Evelyn M

Merging Art + Architecture

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Evelyn M is an artist as well as an interior designer. She moved to Vancouver Island in 2005, settling between Campbell River and the Comox Valley. Her focus as an interior designer is to take the ideas of her clients to the next level, ensuring their needs are exceeded while staying within their budget. Evelyn also loves to write about her passions, and manages a Home and Garden blog and Facebook page for LocaLHomeSpot.com, a Campbell River Contractor Directory. Evelyn’s art is described as contemporary with a West coast flare; here at Island Woman her writing will cover topics on all aspects of design, Island style.

I was so mesmerized and impressed by this latest merging of art and architecture that it got me revisiting some of my other “Ev Fan Favourites” and it wasn’t hard to come up with a selection of uber exciting examples to write about; the only hard part was keeping it to five!

architecture_facadeSamantha Everton’s Masquerade Artwork Surreal Building Facade
Kavellaris Urban Design and Samantha Everton’s structural composition of art and architecture culminated in a building called “2 Girls”. Located in Melbourne, Australia and using the photo art Masquerade from Samantha Everton’s “Vintage Dolls” series, it is a fantasy composition that has a bit of a “now you see it, now you don’t” aesthetic. I really love how it undulates with the building’s structure, merging with its other materials and appearing unsettled by the reflections on the glazings. A fusion of fine art, photography and architecture, it is a bold and beautiful example of the relationship between three complementary design styles.  The end result is simply awesome, but the project could easily have gone wrong had it not been for the collaborative effort between the artist – Samantha Everton and the architects – Kavellaris Urban Design.

architecture_helloHello House by OOF Architecture has Friendly Street Art Vibe
Hello House doesn’t use any photo or painterly imagery to create its artistic statement, preferring instead to use relief texture within its brick façade to spell out its namesake, “Hello”. Designed by OOF Architecture in collaboration with artist Rose Nolan, the façade is bold, fun and definitely friendly. Completely modern in its presentation, it is easy to forget and hard to believe that this is not a new building but rather a pre-existing Victorian shop house. Although it appears to be devoid of windows, there is one large one facing the street within the ”O”.  Once you enter the private courtyard, Hello House presents a wall of glazings that flood the interiors with natural daylight.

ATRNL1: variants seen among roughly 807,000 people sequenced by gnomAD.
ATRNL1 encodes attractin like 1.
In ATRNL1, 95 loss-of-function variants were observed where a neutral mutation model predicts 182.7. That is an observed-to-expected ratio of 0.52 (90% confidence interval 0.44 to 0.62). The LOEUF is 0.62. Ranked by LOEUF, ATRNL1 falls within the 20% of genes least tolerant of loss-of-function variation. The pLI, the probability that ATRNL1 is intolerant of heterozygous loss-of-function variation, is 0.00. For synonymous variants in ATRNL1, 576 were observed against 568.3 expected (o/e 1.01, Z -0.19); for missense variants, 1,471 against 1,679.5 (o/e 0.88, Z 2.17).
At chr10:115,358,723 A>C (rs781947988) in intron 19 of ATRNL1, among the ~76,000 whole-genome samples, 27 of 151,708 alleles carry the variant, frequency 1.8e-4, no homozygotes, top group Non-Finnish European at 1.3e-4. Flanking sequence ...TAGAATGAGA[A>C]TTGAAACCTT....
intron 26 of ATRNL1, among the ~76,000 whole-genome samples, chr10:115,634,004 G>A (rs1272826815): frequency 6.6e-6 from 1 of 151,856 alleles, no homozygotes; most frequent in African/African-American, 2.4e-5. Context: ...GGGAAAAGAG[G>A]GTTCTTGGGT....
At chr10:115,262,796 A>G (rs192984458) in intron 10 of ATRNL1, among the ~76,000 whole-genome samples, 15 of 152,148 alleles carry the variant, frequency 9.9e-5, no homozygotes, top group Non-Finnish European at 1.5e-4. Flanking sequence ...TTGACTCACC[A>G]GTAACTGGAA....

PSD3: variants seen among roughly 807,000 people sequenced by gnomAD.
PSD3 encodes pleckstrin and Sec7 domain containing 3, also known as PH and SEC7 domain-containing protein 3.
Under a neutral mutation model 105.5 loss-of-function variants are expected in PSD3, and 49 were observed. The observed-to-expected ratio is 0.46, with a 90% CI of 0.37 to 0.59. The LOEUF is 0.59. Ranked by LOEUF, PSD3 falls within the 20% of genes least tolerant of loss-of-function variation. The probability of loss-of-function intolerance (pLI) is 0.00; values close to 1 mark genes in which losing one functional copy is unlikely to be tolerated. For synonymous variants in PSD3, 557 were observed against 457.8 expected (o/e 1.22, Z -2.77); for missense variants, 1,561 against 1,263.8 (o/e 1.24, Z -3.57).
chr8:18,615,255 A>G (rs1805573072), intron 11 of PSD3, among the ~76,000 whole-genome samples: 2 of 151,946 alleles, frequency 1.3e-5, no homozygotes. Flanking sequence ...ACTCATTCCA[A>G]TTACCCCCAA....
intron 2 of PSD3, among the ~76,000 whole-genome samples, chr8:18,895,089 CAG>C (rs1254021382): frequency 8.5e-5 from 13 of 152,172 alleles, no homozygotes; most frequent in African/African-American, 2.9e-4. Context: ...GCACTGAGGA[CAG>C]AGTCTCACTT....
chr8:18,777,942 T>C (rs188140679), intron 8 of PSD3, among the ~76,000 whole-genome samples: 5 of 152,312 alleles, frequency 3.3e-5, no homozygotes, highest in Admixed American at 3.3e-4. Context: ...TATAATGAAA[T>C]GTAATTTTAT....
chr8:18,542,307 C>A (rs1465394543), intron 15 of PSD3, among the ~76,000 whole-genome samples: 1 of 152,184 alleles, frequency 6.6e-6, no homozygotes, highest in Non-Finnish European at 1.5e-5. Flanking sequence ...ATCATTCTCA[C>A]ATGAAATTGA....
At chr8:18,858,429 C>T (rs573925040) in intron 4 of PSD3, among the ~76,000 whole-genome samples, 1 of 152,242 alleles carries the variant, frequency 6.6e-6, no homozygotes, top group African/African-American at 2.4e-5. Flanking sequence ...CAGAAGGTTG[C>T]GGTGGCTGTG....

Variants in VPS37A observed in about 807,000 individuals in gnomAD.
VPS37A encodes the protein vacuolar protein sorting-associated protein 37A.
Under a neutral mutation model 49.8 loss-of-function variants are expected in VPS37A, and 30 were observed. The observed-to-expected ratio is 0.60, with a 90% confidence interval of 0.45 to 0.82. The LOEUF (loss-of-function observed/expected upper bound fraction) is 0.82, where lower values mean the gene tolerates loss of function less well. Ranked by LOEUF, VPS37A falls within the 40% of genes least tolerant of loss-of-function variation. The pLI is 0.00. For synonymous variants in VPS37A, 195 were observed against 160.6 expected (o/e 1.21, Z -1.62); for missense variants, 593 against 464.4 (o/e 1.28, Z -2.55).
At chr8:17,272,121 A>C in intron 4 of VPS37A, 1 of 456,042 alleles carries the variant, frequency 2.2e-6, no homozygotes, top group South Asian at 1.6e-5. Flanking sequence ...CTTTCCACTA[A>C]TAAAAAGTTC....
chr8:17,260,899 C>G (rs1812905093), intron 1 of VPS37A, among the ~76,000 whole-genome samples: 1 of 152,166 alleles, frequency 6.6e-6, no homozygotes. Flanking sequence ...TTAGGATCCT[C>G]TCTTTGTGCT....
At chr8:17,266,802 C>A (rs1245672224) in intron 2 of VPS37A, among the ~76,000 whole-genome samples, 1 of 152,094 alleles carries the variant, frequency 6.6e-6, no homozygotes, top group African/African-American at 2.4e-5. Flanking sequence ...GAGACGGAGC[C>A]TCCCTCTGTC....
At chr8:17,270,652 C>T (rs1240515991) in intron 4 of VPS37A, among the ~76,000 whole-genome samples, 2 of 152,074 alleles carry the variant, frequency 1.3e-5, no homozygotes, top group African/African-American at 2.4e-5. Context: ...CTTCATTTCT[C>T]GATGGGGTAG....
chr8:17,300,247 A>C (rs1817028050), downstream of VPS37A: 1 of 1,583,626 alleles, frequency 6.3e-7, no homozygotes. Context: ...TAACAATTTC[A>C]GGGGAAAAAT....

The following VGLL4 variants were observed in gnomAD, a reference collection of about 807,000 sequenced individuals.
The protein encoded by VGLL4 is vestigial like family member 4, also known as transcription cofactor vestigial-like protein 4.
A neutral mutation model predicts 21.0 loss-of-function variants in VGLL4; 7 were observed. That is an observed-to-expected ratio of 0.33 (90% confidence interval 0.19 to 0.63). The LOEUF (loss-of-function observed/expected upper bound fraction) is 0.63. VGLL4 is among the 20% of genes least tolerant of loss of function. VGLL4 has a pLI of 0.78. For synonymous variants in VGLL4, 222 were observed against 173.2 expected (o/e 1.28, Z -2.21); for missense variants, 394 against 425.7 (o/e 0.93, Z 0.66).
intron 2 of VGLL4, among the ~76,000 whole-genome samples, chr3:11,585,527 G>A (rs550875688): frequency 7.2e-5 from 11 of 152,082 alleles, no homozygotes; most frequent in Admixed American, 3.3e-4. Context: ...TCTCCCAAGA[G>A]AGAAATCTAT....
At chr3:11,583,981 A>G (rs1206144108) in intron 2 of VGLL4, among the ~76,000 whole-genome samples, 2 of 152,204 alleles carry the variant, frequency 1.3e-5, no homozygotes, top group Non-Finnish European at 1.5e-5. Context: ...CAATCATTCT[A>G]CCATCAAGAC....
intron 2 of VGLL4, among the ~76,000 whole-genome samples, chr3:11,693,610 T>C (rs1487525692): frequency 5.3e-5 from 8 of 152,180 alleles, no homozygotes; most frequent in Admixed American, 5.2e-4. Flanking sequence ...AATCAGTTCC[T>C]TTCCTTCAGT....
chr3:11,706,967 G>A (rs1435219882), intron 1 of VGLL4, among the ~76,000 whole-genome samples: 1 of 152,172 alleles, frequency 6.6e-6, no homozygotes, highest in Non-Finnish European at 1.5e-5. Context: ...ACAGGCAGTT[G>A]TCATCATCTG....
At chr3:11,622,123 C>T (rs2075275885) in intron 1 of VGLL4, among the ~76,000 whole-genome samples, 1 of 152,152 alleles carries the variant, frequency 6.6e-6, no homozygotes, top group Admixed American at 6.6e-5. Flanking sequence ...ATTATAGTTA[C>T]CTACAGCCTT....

architecture_japaneseMaria Umievskaya Applies Traditional Sketches to Japanese Architecture
What’s so interesting about Maria’s beautiful combos of art and architecture is that the artist is Polish. With a European background, it is unusual that Maria has been inspired by the ancient cultures of Asia for a long time.  That inspiration has culminated in a series of minimalist, facade artscapes that are delicate and feminine, completely leaving the usual colourful European street art aesthetic behind. I love the pairing of the traditional imagery with modern Japanese architecture; it has such a dramatic effect within its “less is more” dynamic.

architecture_stairsHanging Red Stairs by Diapo for Michaells Boyd Associates is Perforated Perfection
Architecture is as much a part of interiors as it is exteriors, and this punchy red stairwell is my all-time favourite interior architectural detail. Located at Elvaston Place in Kensington and built by Diapo, it was designed by Michaells Boyd Associates.  “Hanging Red Stairs” was an unusual request from clients of  MBA in that it was to be a functional representation of Do-Ho Suh’s artistic installation, “Red Hanging Staircase” that the clients had seen and were inspired by.  But while the original installation is not a functional flight of fancy, this eye-popping perforated steel re-interpretation certainly is. What’s so incredibly cool about Hanging Red Stairs is that it is suspended from the ceiling’s structure and doesn’t even touch the floor.

architecture_solarSolar Powered Cabin with a Cubist Aesthetic
Atelier 8000’s muse for this askew cube in Slovakia called Kežmarská Hut was a boulder left in place after glacier’s retreat. It was a competition entry that took a visual and a story, and recreated it into a functional abstract structure that, while completely man-made and non organic in shape, blends beautifully with its natural surroundings. The askew position of the cubed building so easily tells the tale of a block that was shifted during the glacial retreat, resulting in an artistic statement that is about as creative as you can get.   Unlike the other art+architecture examples, this one uses its angles and hues to merge comfortably with the peaks of its surrounding mountain-scape. Kežmarská Hut’s blending and merging is helped immensely by the reflections created on the photovoltaic panels that cover a large swath of the roof line.  Those same panels bring an earth-friendly level of living to the interior as well. Gotta love it!


EvelynM and Dax_featuredEvelyn M, Associate of Interior Design
Evelyn M Interiors/Design House BC
Evelyn M Fine Art




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